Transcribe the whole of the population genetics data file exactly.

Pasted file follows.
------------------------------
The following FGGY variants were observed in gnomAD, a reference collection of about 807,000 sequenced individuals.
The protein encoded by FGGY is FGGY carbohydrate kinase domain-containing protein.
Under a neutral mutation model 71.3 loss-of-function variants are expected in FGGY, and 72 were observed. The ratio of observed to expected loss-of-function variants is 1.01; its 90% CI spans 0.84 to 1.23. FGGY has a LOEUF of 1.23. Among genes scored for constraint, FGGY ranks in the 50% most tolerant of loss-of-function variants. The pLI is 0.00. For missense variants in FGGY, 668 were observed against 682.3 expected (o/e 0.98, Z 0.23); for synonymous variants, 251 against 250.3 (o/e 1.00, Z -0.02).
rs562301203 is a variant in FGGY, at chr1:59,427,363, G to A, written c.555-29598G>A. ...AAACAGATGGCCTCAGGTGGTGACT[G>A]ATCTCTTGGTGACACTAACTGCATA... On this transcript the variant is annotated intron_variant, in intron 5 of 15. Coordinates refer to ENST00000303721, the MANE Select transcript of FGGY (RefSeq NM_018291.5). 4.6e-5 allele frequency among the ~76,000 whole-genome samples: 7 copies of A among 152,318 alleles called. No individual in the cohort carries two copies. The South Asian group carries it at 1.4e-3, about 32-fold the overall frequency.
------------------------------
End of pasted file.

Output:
The following FGGY variants were observed in gnomAD, a reference collection of about 807,000 sequenced individuals.
The protein encoded by FGGY is FGGY carbohydrate kinase domain-containing protein.
Under a neutral mutation model 71.3 loss-of-function variants are expected in FGGY, and 72 were observed. The ratio of observed to expected loss-of-function variants is 1.01; its 90% CI spans 0.84 to 1.23. FGGY has a LOEUF of 1.23. Among genes scored for constraint, FGGY ranks in the 50% most tolerant of loss-of-function variants. The pLI is 0.00. For missense variants in FGGY, 668 were observed against 682.3 expected (o/e 0.98, Z 0.23); for synonymous variants, 251 against 250.3 (o/e 1.00, Z -0.02).
rs562301203 is a variant in FGGY, at chr1:59,427,363, G to A, written c.555-29598G>A. ...AAACAGATGGCCTCAGGTGGTGACT[G>A]ATCTCTTGGTGACACTAACTGCATA... On this transcript the variant is annotated intron_variant, in intron 5 of 15. Coordinates refer to ENST00000303721, the MANE Select transcript of FGGY (RefSeq NM_018291.5). 4.6e-5 allele frequency among the ~76,000 whole-genome samples: 7 copies of A among 152,318 alleles called. No individual in the cohort carries two copies. The South Asian group carries it at 1.4e-3, about 32-fold the overall frequency.